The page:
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John Claridge’s Boxers (Round Nine)

December 26, 2012
by the gentle author

On Boxing Day, the day in the festive calendar traditionally associated with sporting activities, it is my delight to introduce Round Nine in the epic series of characterful portraits of the members of the London Ex-Boxers Association by Contributing Photographer John Claridge.

David Parker (First fight 1956 – Last fight 1961)

Anthony Brinton (Boxing Trainer)

Freddie King (First fight 1951 – Last fight 1965)

Dean Ferris (First fight 1986 – Last fight 1993)

Henry Browne “of London Town” (First fight 1936 – Last fight 1952)

Jim Oliver (First fight 1961 – Last fight 1978)

Billy Walker (First fight 1959 – Last fight 1962)

Stephen Kent (London Ex-Boxers Association resident filmmaker)

Bernie Dillan (First fight 1945 – Last fight 1961)

Albert Collier (Footballer from boxing family)

Billy Meek (First fight 1949 – Last fight 1972. Plus parallel career as jockey)

Roy Pollard (First fight 1947 – Last fight 1954)

Photographs copyright © John Claridge

Take a look at

John Claridge’s Boxers (Round One)

John Claridge’s Boxers (Round Two)

John Claridge’s Boxers (Round Three)

John Claridge’s Boxers (Round Four)

John Claridge’s Boxers (Round Five)

John Claridge’s Boxers (Round Six)

John Claridge’s Boxers (Round Seven)

John Claridge’s Boxers (Round Eight)

and these other pictures by John Claridge

John Claridge’s East End

Along the Thames with John Claridge

At the Salvation Army with John Claridge

In a Lonely Place

A Few Diversions by John Claridge

This was my Landscape

John Claridge’s Spent Moments

Signs, Posters, Typography & Graphics

Working People & a Dog

Invasion of the Monoliths

Time Out with John Claridge

Views from a Dinghy by John Claridge

People on the Street & a Cat

In Another World with John Claridge

A Few Pints with John Claridge

A Nation Of Shopkeepers

Some East End Portraits by John Claridge

Sunday Morning Stroll with John Claridge

John Claridge’s Cafe Society

Graphics & Graffiti

Just Another Day With John Claridge

At the Salvation Army in Eighties

8 Responses leave one →
  1. December 26, 2012

    More great faces.

  2. December 26, 2012

    Fantastic faces!!

  3. Adrian Taylor permalink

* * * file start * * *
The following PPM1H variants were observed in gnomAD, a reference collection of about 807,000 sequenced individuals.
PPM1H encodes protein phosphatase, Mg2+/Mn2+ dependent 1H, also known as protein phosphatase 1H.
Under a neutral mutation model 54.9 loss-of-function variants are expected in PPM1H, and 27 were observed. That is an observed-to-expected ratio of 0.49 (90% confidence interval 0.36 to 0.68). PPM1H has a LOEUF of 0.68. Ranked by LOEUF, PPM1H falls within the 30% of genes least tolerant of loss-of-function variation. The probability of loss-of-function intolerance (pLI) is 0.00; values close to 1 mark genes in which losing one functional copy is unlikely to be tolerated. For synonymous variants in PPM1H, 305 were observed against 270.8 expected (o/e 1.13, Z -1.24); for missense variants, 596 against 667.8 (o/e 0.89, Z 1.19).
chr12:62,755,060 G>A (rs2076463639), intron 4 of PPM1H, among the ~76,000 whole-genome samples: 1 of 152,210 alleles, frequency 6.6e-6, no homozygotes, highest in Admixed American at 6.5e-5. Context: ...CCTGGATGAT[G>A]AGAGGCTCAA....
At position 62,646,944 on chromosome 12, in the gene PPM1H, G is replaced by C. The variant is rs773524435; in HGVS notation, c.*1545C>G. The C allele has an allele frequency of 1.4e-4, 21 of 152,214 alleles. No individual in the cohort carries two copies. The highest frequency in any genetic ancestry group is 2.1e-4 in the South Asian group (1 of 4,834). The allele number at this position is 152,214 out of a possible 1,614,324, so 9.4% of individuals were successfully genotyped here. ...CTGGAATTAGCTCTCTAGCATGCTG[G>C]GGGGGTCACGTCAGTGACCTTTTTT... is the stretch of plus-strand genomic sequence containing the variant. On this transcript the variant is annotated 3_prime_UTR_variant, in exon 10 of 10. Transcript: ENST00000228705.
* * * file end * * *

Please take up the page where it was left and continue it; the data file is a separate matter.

December 26, 2012

    Such magnificent mugs!
    Happy New Year!

  4. David Drakes permalink
    December 27, 2012

    JC’s lens never lies! . . . clearly these guys , captured during the festive season, are looking forward to the next round in the pub rather than the ring!

  5. December 27, 2012

    Oh John how apt sent on Boxing day – thats great. They are all such wonderful images as ever,and I hope that there are many more to come in the New Year.

    Happy New Year

  6. Olga Secerov permalink
    December 28, 2012

    Stephen Kent looks like a fascinating guy, a boxer and a filmaker. They all look fascinating. I always look forward to more portraits. Happy New Year.

  7. Marien de Goffau permalink
    December 29, 2012

    It’s fascinating. Style and approach are unique. Great to see these portraits again and again and to read their story in those faces. Asking questions and getting answers. The better you look the more they say. That’s much more than just photography. A great experience?

  8. john edwards permalink
    January 11, 2013

    The procession of portraits – & yes! I know you’re going the distance with this one, smudger – appears to grow in intensity as it moves through. And, while it passes ‘ You did what’? ‘ Stuck your nose right on a
    gloved fist coming at you like the Mallard express …. a lot of times’ !!! through the mind, it is moving.
    Knowing the innate cunning, bred in the bone, of the lttle nipper behind these works raining blows on our mind’s eye I reckon that he’s increasing, ever so subtly , not just contrast, but a dream of time articulated in pinning the same marks of battered pugilists – the common canvas shared by all, while showing the unique and marked differences of each old warrior mask …. I was feeling like looking at the ref to stop the contest – but on leaving it to Claridge-Ify for a while I can ‘see perfectly .. again ..’ Take me with you ‘ ….. Albert Collier ‘s gaze wakes another classic of two lovely black eyes, that of John Huston’s ‘ The Maltese Falcon’ with the brilliant debut of Sidney Greenstreet as Gutman – ‘Admire your skill and tenacity sir. Indeed I do man of your qualities sir. Not afraid to go too far!
    Terrific sir!’

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